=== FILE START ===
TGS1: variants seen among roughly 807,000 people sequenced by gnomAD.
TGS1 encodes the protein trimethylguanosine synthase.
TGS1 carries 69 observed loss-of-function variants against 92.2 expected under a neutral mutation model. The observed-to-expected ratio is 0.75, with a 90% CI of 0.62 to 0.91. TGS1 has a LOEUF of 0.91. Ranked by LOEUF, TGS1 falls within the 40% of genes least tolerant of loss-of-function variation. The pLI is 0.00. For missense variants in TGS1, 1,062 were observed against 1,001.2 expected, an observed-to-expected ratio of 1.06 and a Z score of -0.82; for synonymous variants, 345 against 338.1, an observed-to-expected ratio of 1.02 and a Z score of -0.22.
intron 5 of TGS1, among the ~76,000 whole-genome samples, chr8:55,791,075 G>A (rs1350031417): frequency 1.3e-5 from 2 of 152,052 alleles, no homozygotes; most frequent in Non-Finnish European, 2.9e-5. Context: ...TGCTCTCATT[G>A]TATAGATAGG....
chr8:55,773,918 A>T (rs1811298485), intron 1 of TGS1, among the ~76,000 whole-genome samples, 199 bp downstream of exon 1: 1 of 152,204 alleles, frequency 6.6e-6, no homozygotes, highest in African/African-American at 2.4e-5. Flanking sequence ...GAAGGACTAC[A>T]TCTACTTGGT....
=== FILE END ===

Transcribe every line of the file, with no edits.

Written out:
TGS1: variants seen among roughly 807,000 people sequenced by gnomAD.
TGS1 encodes the protein trimethylguanosine synthase.
TGS1 carries 69 observed loss-of-function variants against 92.2 expected under a neutral mutation model. The observed-to-expected ratio is 0.75, with a 90% CI of 0.62 to 0.91. TGS1 has a LOEUF of 0.91. Ranked by LOEUF, TGS1 falls within the 40% of genes least tolerant of loss-of-function variation. The pLI is 0.00. For missense variants in TGS1, 1,062 were observed against 1,001.2 expected, an observed-to-expected ratio of 1.06 and a Z score of -0.82; for synonymous variants, 345 against 338.1, an observed-to-expected ratio of 1.02 and a Z score of -0.22.
intron 5 of TGS1, among the ~76,000 whole-genome samples, chr8:55,791,075 G>A (rs1350031417): frequency 1.3e-5 from 2 of 152,052 alleles, no homozygotes; most frequent in Non-Finnish European, 2.9e-5. Context: ...TGCTCTCATT[G>A]TATAGATAGG....
chr8:55,773,918 A>T (rs1811298485), intron 1 of TGS1, among the ~76,000 whole-genome samples, 199 bp downstream of exon 1: 1 of 152,204 alleles, frequency 6.6e-6, no homozygotes, highest in African/African-American at 2.4e-5. Flanking sequence ...GAAGGACTAC[A>T]TCTACTTGGT....